The Artemis Accords are an extension of this policy of commercialization. Section 9 of the Accords calls for the preservation of outer space heritage, which is directed towards the preservation of the Apollo landing sites.[17] Section 10 asks for the extraction of space resources to be done in a manner compliant with the Outer Space Treaty while stating that the extraction of resources itself does not constitute a claim of national appropriation. Finally, Section 11 calls for the creation of “safety zones” to prevent interference with another nation’s space activities, in furtherance of Article IX of the Outer Space Treaty. Facially, these regulations represent a continuation of U.S. space policy without any direct infringement of the Outer Space Treaty. However, many scholars have already made preliminary objections. Scholars argue that the bilaterally imposed exclusionary nature of safety zones[18] and any imposition of Section 9 would restrict the freedom of exploration to other nations and thereby equality, as guaranteed under article I of the Outer Space Treaty.[19] With regards to mining and commercialization of space resources, the Outer Space Treaty is inchoate as it was developed at a time when such technical advancements and situations were never considered but it is easy to see how a first come first serve policy would lead to a tragedy of the commons.

II. Property and Sovereignty

One of the most hotly contested debates within legal theory for a while was whether a right to property is created by the state or whether it arises from natural law.[20] The treaty of Westphalia signaled the victory of the positivist approach.[21] Under this model, property rights were understood only within the framework of national law, which was an exercise of a state’s sovereignty.[22] Lauterpacht analogized the concepts of sovereignty and property by highlighting the shared construct of the “exclusiveness of enjoyment and disposition.”[23] It is from this perspective of exclusion that we shall attempt to analyze the provisions of the Accords.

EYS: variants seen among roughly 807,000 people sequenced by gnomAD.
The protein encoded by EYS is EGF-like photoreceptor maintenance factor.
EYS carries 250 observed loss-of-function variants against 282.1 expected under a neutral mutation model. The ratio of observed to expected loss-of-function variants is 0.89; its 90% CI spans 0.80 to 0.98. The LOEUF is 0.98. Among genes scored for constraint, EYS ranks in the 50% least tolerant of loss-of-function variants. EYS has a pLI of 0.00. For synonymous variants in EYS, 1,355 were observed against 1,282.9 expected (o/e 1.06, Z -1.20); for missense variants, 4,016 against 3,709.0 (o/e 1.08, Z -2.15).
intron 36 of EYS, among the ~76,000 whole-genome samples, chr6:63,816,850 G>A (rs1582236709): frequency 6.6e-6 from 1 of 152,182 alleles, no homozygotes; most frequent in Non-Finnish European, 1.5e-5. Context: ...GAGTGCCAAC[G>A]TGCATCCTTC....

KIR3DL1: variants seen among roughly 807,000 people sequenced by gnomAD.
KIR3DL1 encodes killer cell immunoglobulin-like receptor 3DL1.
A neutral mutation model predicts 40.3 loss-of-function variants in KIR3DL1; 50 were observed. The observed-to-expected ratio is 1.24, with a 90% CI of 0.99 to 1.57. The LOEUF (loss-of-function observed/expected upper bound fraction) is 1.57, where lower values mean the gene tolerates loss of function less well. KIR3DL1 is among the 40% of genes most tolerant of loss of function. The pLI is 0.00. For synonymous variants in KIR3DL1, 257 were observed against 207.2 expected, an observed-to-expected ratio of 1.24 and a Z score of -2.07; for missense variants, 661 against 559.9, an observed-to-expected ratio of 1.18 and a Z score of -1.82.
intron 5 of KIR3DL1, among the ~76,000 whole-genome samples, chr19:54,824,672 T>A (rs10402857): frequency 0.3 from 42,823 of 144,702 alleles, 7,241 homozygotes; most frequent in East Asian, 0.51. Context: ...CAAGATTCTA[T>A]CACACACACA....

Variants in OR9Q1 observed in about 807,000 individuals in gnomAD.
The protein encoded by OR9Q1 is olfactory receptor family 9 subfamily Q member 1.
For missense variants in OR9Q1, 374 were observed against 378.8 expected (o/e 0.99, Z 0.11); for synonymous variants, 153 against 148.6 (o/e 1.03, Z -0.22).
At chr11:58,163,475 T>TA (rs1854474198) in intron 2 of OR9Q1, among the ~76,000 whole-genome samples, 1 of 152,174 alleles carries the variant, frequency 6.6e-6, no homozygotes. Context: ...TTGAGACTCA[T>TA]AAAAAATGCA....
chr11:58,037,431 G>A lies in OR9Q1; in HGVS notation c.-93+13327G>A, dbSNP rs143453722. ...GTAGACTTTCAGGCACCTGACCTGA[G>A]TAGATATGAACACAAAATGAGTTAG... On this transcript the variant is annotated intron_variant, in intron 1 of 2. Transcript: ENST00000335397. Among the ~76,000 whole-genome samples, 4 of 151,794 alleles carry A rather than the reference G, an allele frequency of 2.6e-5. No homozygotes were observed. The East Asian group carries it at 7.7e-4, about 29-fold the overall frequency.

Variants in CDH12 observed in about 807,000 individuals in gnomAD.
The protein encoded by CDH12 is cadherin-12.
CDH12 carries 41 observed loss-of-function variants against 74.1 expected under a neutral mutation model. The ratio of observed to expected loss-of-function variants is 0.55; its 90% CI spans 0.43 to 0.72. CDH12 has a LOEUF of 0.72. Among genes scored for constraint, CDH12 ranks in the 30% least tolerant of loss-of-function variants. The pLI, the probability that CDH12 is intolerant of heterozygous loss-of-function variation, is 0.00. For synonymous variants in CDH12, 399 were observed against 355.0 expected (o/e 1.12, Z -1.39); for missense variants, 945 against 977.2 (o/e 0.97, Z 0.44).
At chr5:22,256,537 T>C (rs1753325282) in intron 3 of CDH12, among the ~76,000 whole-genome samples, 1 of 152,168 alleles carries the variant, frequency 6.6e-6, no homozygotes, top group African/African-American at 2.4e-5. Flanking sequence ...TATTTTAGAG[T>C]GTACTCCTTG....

The Accords do not specify particular operational models. However, if we attempt to construct a vision of what space activities would look like under the Accords, the picture we get is as follows: the landing sites of the Apollo 11 missions will be closed off with respect to access by other countries, national activities conducted on the moon and other celestial bodies will have limited access, only by nations which declare such zones, and private companies shall be promised exclusive rights to the resources they mine along with the locations where they conduct their operations for providing assurance and security to the investment made by these companies. As per article VI of the Outer Space Treaty, countries are liable and responsible for the activities of these private entities, which paints a picture of continuous supervision. Any resources extracted under these conditions will be regulated under domestic law of the relevant nation. Viewed through the lens of exclusion,[24] these provisions enable an exclusionary claim to space, its resources and particular areas which are regulated by domestic property law of a state. In other words, they are tantamount to a claim of sovereignty.[25]

III. Leaving States Behind: Colonialism and Exclusion